Credit Default Swaps and Bank Regulatory Capital
Chenyu Shan, Dragon Yongjun Tang, Hong Yan, Xing (Alex) Zhou
Review of Finance, Volume 25, Issue 1, February 2021, Pages 121 – 152, https://doi.org/10.1093/rof/rfaa021
A major development in bank capital regulation (Basel II and III) is the allowance of capital relief using credit derivatives such as credit default swaps (CDS). Banks can buy CDS protection on their outstanding loans to conduct “capital relief”: i.e., reduce the amount of their risk-weighted assets and as a result, hold less capital. This capital relief role, in both theory and practice, can have important impact on bank behavior. However, empirical investigation on it is scarce.
The authors compile a sample of 105 big US banks and use proprietary transaction-level CDS data from the Depository Trust & Clearing Corporation (DTCC) to provide empirical evidence on the capital relief role of CDS. The DTCC data is detailed, containing full information on the CDS reference name, identity of buyer and seller of each CDS transaction, and transaction time. Therefore, the authors can match it with Dealscan loan issuance data to identify a bank’s CDS buy/sell amount on its borrower’s name at any given time. In this regard, the authors make substantial progress in identification compared with extant literature, which either measures banks’ CDS position at the aggregate level, or measures quantity of CDS contracts on a firm’s name without knowing who buys/sells it.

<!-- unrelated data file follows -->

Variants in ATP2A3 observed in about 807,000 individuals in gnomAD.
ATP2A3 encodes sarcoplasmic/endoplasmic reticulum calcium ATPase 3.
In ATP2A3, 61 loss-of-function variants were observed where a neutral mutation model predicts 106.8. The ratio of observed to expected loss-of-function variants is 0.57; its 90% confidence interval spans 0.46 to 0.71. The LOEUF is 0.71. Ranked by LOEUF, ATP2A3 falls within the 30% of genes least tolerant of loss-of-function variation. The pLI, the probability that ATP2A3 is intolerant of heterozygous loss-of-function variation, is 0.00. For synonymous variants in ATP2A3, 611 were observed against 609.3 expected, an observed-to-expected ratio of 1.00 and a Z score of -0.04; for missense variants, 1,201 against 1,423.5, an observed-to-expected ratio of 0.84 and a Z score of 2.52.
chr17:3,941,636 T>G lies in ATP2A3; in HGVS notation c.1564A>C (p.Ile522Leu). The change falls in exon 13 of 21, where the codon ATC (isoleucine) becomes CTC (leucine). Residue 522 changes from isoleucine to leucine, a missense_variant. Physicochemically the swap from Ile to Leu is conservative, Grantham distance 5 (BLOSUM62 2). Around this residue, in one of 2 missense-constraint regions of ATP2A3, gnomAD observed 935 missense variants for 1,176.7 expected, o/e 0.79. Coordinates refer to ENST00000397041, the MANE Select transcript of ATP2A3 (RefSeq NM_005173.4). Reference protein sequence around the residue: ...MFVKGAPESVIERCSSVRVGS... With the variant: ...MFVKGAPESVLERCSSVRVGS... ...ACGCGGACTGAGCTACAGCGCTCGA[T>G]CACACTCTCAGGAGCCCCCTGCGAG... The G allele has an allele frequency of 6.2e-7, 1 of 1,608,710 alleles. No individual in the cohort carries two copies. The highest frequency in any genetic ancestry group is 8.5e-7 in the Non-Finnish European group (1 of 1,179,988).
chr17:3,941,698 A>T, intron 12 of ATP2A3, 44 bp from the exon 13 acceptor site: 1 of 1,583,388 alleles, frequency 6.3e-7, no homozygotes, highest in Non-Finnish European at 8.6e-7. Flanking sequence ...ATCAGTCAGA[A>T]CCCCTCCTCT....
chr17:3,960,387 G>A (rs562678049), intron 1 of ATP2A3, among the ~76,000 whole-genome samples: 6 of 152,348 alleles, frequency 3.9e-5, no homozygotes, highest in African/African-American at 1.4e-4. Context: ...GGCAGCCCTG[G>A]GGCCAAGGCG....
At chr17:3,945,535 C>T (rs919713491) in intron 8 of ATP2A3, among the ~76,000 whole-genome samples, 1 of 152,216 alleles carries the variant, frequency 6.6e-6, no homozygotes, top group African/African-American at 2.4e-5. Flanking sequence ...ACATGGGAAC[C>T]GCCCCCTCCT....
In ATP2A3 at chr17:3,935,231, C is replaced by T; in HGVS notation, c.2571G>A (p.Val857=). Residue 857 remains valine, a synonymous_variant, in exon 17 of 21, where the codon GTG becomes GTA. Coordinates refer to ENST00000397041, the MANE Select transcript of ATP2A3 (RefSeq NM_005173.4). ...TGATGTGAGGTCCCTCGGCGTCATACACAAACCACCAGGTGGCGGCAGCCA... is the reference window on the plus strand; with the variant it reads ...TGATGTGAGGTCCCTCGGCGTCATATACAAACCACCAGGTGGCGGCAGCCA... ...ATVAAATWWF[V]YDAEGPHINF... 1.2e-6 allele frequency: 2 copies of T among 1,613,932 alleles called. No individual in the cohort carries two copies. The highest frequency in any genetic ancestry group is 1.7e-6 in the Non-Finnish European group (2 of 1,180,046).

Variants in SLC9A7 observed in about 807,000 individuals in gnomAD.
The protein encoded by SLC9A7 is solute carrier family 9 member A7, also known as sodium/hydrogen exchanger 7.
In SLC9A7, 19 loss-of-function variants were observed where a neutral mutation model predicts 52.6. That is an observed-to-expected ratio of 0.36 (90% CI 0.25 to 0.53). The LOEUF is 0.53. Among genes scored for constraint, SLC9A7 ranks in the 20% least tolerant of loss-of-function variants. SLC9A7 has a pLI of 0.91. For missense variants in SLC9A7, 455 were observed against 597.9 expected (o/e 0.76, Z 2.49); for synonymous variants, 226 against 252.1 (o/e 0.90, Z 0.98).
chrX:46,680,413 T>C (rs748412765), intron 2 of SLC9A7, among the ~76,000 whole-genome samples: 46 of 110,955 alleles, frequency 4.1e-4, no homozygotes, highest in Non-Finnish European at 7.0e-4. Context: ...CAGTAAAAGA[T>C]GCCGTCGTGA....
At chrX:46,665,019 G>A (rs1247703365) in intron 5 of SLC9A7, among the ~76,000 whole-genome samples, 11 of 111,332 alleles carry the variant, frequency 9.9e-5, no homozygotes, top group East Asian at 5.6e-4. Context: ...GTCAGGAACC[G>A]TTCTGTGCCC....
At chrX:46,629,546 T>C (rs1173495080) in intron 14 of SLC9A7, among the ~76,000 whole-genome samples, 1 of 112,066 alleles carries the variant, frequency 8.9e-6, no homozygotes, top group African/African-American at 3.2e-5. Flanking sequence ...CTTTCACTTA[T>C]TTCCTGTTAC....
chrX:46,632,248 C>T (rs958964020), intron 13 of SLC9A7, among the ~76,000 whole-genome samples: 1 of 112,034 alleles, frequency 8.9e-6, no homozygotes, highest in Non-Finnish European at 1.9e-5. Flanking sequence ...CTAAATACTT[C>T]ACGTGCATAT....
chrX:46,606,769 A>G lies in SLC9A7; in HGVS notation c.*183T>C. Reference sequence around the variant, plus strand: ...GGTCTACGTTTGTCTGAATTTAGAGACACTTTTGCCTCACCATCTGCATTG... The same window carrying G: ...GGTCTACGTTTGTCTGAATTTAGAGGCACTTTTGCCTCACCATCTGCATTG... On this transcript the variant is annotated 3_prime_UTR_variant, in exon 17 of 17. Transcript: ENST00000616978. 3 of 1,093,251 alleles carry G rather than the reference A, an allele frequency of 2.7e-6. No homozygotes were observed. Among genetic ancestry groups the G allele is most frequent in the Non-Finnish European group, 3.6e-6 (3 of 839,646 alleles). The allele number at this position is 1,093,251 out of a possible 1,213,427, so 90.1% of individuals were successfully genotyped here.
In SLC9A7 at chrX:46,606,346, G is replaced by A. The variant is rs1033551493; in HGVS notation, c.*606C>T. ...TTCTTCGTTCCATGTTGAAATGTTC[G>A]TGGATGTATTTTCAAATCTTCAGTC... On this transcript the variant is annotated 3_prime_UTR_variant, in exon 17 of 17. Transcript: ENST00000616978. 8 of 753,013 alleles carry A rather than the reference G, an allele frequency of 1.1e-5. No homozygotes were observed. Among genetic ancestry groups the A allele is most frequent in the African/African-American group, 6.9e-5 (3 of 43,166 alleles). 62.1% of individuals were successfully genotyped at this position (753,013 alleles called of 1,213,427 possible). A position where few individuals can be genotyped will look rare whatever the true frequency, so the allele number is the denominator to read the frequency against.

This paper documents that banks’ RWA ratio, i.e., the ratio of risk-weighted assets to the total unweighted assets or a bank, declines by 0.065, or more than 10% after the bank starts to take net long position in borrower CDS. This effect is on top of bank asset size, profit growth, securization activities, derivatives positions, and other factors that may affect a bank’s RWA ratio. The data advantage allows the authors to differentiate the scenario where the CDS buying bank’s credit rating is better than the CDS reference firm’s rating — this is a power test of the capital relief channel, as capital relief is only allowed by banking regulation when the CDS buyer has a better rating.
Another evidence the authors find is that the RWA reduction effect of CDS is only significant for banks with lower Tier 1 capital ratio, which is also consistent with the capital relief channel. In fact, the authors examine “low Tier 1 capital ratio” banks throughout all tests in the paper, and find consistently stronger effect for these banks.
The more important question is, what is the consequence for banks to do capital relief with CDS? Do banks become riskier after they use CDS for capital relief? The answer is yes. This paper finds that banks that buy more CDS on their borrower names see a riskier profile in terms of tail risk, bank Z-score, and non-performing assets measures. They also generate higher profits than banks that did not conduct capital relief. One explanation for this is that capital reliesf-banks extend credit to risky borrowers. The authors do find higher loan spread and a larger fraction of junk-rated borrowers in capital relief-banks’ portfolio. Such capital relief-induced risk-taking got exploded in the 2007-09 crisis. Banks that did capital relief before the crisis see larger stock price decline when the crisis hit, and are more likely to be rescued by the government.
In a nutshell, banks do exploit capital relief opportunities using CDS, the milestone financial innovation in the past decades. This study finds large-sample evidence for the capital relief practice Such capital relief activities have real consequence on bank risk-taking and the whole banking sector: banks that did capital relief using CDS become more risk-taking, and more vulnerable when crisis hit, although they have restrained on their risk-taking during the crisis.